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Intermission is over: Riverside raises the curtain for 'Souvenir,' its first show since March
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Intermission is over: Riverside raises the curtain for 'Souvenir,' its first show since March

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Where the stage has been dark, light is emerging.

Since the mid-March closing of “Grease,” the main stage at Riverside Center for the Performing Arts remained closed at the hands of the COVID-19 pandemic.

The organization has found ways to persevere in the meantime—launching a well-attended “Sip & Sing Supper Club” in its Rhapsody Ballroom and engaging fans in throwback activities on social media, among other creative endeavors.

Now, it’s time to hit the big stage yet again.

“Souvenir: A Fantasia on the Life of Florence Foster Jenkins” débuted at Riverside on Wednesday. It will run Wednesdays to Sundays through Nov. 8.

“The journey to this point has been all about being dynamic, taking things one day at a time, thinking outside the box and being responsible,” said Patrick A’Hearn, producing artistic director at Riverside and director of “Souvenir.” “We’re going to be the first theater in the D.C. metro region to open our doors and we want to do the absolute best we can. We want to prove to our audiences and fans that we can bring back live theater safely.”

To comply with state mandates and prioritize guests’ well-being, Riverside regulars will notice some changes. Notably, capacity will be reduced, tables will be spaced at least 6 feet apart and additional precautions will be taken. Masks will be required at all times in the venue, a temperature check will be conducted prior to admittance and, to minimize contact, all ticket sales must be completed prior to arrival. A full list of the latest “know before you go” guidelines is available at

Additionally, to somewhat make up for capacity restrictions, a Saturday matinee show has been added. Tickets for all performances will be show-only, meaning it will not include food or beverages. Those looking to enjoy a beverage or light-fare pre-show at Riverside may do so—at menu pricing—across the hall from the theater space.

“We had great success with our ‘Sip & Sing’ experience and we saw the comments pour in on how well we executed everything,” said A’Hearn. “We’re ready to show a wider audience that we can do this and are doing this.”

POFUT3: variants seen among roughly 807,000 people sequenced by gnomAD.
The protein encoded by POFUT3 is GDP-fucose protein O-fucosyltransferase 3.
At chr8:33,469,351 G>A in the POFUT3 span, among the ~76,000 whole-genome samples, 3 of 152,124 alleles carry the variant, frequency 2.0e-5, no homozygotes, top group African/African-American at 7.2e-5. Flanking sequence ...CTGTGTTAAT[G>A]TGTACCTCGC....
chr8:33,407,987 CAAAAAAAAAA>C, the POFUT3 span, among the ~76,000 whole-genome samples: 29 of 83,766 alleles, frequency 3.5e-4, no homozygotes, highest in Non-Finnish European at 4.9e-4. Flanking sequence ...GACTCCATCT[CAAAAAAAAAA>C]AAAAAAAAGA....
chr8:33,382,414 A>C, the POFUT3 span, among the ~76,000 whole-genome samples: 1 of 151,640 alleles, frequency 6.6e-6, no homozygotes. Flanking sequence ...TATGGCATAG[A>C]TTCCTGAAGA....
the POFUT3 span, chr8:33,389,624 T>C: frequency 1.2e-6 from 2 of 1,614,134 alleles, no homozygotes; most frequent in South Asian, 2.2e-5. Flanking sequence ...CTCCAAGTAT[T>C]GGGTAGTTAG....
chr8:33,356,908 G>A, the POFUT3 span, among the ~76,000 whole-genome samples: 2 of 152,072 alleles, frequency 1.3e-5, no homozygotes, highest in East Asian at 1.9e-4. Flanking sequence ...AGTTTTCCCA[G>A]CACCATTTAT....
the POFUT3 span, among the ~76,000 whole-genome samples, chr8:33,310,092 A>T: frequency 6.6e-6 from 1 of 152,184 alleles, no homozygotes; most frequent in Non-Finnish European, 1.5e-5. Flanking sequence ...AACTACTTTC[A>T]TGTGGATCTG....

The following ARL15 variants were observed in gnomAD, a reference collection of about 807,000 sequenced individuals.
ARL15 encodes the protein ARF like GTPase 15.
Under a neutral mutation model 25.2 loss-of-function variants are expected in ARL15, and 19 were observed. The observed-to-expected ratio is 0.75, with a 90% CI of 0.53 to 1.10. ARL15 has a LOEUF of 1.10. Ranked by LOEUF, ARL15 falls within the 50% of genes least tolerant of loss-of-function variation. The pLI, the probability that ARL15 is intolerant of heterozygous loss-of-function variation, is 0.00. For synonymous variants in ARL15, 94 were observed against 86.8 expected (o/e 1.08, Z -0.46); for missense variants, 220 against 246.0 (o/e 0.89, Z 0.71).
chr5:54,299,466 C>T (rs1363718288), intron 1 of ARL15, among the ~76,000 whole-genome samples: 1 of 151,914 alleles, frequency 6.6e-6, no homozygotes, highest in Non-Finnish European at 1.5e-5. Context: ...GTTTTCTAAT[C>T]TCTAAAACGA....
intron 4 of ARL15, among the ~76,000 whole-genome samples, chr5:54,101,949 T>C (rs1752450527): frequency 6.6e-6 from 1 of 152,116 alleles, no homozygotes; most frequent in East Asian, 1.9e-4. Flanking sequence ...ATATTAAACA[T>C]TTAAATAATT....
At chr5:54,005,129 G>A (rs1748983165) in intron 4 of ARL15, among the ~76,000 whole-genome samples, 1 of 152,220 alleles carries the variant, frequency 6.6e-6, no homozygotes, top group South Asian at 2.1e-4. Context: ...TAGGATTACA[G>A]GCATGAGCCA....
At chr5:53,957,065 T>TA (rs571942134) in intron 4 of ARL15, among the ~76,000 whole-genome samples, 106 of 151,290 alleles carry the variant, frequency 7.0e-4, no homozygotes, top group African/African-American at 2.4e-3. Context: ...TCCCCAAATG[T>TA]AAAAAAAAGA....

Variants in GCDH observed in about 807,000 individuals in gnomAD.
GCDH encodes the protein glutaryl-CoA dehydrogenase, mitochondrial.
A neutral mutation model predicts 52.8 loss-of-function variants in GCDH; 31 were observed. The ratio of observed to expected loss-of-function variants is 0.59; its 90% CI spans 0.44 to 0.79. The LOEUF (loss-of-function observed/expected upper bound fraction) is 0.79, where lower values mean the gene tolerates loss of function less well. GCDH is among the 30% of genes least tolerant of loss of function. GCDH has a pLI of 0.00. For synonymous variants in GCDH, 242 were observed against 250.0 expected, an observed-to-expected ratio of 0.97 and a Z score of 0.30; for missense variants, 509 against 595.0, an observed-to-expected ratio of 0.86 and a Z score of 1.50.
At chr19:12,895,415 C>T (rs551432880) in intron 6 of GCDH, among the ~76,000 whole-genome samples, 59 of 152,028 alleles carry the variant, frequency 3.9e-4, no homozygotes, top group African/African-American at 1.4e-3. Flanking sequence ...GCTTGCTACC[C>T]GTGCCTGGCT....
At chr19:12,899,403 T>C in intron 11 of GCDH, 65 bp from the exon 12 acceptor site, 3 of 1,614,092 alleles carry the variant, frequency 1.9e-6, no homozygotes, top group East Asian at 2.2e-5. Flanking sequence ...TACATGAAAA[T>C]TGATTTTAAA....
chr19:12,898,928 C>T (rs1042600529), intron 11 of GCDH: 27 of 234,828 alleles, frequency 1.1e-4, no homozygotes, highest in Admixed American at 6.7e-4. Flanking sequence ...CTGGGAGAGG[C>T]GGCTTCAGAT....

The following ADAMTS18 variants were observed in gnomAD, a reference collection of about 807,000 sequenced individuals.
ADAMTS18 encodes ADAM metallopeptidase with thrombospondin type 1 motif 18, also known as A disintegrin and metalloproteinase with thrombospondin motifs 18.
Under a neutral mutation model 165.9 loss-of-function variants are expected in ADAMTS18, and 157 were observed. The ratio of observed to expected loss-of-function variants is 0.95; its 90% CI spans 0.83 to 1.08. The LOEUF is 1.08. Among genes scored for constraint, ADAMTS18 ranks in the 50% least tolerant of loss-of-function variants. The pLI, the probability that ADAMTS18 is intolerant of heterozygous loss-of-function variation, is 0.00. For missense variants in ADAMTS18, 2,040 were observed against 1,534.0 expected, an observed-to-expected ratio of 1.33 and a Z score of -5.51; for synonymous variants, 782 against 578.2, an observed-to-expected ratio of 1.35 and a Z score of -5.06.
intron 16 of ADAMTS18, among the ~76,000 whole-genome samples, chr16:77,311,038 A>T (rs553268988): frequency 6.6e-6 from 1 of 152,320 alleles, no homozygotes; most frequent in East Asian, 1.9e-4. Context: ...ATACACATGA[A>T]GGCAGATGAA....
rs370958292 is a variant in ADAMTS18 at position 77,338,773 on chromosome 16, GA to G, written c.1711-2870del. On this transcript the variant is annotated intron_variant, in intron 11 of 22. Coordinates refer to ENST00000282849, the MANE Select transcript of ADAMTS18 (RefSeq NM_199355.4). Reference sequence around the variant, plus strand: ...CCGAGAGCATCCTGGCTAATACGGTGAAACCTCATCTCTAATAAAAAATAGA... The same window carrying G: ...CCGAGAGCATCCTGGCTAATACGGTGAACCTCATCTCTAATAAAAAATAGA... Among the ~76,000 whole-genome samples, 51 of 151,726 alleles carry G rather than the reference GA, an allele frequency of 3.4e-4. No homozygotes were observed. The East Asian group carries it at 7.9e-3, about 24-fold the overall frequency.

“Souvenir” is a two-person play-meets-musical, zoomed in on the true-life story of Jenkins, a socialite that was born in 1868 and graced our Earth for nearly 80 years. Jenkins’ story is one of flamboyance and hilariously bad singing.

Throughout Jenkins’ life, she would perform at the Ritz–Carlton in New York City to large, laughing crowds who reveled at her “singing.” Through it all, Jenkins’ remains confident. The story is told through the lens of Jenkins’ accompanist, Cosmé McMoon.

For Riverside’s version, Andrea Kahane will star as Jenkins and Carson Eubank will join her as McMoon.

“There is certainly a little bit of everything with this one,” said Kahane, who has also been in Riverside’s productions of “Mamma Mia,” “Steel Magnolias” and “Phantom,” among others. “There are many funny and endearing moments and, with the two of us onstage, the camaraderie we have developed is so pure. The bottom line is that [Jenkins] never gives up and she is happy doing what she was born to do.”

The seamless chemistry between Kahane and Eubank has evolved over time. Among their work together in times past, Eubank was Kahane’s music director for “Mamma Mia.” While Eubank has been working behind the scenes at Riverside quite a bit, “Souvenir” marks the first time that he’s been center stage in years.

“When Patrick called me about ‘Souvenir,’ it was just a perfect storm,” said Eubank. “It had been a little while since I was onstage, but I had actually been wanting to get back out there.”

“I had only heard rumors that Carson acted throughout high school and college,” added A’Hearn. “He was someone I knew only and strictly as a music person ... to see his talent and personality shine through has been truly awesome.”

The “Souvenir” story tastefully unfolds on a simplistic set, clad with a gleaming grand piano and at times mimicking the 1930s as well as the 1960s. The scenery spans a Ritz–Carlton suite, a supper club and beautifully culminates in a Carnegie Hall moment.

“Souvenir” scenery aside, everyone involved with the production is genuinely thrilled and emotional to be doing what they love again.

“I don’t even know if I can find the words to express how I feel,” said Kahane. “This has given me a lot of hope. For a few months, it was hard to even imagine that it could happen. But here we are.”

“I do feel very fortunate,” added Eubank. “I know many of my friends and so many people are struggling in this industry right now ... they’re not working and aren’t able to do what they love.”

With the stage safely set, Riverside is officially ready to welcome and entertain the region once more.

“I want people to walk away from this feeling energized just like I have,” said A’Hearn. “People have gone so long throughout all of this. It’s time for a good laugh, to wipe away a few tears and feel secure about seeing live theater. And, it’s important to add, that we need our patrons now more than ever. Now is the time to come out and support us.”

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